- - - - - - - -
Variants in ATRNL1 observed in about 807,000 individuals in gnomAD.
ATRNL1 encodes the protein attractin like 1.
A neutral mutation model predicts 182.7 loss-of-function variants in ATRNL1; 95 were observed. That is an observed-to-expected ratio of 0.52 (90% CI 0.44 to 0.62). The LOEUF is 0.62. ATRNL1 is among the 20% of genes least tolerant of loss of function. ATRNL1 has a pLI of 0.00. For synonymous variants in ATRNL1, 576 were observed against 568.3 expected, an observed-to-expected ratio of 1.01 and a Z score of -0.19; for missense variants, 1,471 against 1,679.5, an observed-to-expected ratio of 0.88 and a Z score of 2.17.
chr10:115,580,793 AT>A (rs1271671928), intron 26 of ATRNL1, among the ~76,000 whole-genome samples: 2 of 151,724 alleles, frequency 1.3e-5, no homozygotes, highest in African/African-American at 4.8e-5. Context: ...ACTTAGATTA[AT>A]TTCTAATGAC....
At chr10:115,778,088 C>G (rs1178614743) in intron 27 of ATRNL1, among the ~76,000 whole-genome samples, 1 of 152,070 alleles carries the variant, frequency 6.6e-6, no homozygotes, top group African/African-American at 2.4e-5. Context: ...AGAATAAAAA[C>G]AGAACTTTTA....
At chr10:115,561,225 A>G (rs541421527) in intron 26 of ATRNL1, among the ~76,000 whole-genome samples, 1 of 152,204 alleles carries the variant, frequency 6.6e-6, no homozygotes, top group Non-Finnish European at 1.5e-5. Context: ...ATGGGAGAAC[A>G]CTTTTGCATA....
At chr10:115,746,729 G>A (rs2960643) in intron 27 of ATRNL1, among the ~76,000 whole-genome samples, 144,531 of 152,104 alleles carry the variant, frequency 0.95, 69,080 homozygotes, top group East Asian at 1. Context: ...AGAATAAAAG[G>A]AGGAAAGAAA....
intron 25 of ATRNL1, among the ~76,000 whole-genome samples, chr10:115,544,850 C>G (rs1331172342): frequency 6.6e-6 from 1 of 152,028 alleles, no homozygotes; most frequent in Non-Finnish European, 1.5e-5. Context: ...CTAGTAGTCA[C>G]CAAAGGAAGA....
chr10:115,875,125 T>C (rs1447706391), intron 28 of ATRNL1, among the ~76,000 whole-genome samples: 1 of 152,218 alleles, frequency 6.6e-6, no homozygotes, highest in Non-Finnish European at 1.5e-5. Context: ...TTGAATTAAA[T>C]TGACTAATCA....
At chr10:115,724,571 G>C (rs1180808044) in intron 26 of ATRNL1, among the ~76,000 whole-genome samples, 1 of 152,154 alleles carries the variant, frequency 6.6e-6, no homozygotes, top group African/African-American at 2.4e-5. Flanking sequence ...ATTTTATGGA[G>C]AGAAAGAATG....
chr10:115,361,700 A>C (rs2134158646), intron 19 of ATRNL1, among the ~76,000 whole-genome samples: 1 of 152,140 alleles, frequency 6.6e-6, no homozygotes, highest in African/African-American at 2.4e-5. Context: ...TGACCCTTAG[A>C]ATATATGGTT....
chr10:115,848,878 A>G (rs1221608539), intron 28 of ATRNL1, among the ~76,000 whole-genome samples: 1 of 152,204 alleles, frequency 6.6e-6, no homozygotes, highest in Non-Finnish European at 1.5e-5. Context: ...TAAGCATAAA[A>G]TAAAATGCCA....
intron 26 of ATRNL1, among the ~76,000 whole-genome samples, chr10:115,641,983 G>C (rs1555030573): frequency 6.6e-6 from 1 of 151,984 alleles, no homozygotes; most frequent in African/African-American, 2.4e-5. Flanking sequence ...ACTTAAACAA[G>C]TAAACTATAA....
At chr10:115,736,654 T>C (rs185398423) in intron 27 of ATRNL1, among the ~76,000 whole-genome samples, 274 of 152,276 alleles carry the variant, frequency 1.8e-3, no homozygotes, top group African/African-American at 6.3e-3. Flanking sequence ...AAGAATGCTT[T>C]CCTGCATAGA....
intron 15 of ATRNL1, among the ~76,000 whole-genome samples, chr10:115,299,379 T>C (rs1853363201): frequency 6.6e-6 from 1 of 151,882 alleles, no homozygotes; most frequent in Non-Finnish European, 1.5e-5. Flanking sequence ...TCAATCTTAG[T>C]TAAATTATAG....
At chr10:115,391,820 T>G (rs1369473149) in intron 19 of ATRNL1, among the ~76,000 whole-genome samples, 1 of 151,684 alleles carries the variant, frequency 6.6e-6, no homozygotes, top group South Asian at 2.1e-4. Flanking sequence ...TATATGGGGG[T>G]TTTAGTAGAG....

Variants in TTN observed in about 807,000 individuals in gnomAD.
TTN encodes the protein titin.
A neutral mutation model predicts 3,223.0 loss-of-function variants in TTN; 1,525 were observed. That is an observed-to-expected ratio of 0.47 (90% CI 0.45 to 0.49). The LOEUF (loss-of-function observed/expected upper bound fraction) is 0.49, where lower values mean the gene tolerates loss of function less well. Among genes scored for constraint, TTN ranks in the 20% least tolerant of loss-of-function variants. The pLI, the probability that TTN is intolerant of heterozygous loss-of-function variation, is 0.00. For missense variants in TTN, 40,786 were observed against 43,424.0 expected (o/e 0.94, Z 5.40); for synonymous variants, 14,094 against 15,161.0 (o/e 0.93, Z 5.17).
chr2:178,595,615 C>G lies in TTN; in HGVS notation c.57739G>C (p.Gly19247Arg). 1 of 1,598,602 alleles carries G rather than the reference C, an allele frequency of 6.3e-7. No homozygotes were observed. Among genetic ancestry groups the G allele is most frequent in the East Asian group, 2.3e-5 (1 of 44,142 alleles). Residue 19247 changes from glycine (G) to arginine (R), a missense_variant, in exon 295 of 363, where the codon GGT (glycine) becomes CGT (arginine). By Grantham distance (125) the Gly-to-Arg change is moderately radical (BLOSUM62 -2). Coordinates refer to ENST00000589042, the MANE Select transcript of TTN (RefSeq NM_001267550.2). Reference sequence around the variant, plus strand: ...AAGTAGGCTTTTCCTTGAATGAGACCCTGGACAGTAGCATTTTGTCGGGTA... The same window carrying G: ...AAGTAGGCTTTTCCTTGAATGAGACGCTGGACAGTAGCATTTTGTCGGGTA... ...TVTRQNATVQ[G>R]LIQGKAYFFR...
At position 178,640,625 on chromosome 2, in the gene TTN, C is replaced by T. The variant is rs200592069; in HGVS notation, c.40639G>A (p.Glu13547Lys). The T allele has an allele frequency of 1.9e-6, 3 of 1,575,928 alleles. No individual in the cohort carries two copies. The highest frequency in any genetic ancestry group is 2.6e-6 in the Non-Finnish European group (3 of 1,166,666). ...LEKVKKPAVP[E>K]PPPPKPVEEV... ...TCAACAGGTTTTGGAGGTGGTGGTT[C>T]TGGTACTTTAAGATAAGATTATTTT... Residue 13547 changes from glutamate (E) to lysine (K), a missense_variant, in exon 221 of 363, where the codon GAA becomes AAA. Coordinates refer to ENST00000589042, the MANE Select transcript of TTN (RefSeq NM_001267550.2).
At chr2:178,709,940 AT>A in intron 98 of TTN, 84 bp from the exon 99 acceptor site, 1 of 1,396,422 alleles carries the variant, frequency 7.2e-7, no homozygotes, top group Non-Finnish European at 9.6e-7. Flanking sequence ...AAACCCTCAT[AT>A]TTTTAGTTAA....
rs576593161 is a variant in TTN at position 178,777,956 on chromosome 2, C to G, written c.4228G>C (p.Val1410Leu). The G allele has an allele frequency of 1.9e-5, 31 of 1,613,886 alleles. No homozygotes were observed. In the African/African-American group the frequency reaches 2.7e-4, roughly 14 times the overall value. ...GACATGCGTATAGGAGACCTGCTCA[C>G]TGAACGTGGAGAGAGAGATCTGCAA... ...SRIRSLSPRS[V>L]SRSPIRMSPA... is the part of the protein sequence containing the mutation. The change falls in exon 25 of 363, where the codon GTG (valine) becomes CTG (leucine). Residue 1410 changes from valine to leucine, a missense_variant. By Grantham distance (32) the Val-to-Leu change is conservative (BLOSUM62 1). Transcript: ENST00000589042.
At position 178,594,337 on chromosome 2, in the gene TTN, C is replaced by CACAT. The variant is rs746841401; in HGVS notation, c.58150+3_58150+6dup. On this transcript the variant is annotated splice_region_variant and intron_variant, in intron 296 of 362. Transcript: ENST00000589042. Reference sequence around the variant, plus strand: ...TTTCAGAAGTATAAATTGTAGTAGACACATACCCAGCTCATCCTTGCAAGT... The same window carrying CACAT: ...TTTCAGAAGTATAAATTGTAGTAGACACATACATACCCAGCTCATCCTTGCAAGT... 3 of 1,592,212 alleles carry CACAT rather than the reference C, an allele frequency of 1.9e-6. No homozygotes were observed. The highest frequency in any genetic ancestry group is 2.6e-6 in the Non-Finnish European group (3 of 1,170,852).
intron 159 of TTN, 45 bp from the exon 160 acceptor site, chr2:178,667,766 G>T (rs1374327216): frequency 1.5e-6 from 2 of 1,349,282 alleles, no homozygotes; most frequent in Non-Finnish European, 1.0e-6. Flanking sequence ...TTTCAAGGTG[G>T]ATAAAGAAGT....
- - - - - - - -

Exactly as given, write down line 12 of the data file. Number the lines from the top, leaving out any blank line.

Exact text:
chr10:115,848,878 A>G (rs1221608539), intron 28 of ATRNL1, among the ~76,000 whole-genome samples: 1 of 152,204 alleles, frequency 6.6e-6, no homozygotes, highest in Non-Finnish European at 1.5e-5. Context: ...TAAGCATAAA[A>G]TAAAATGCCA....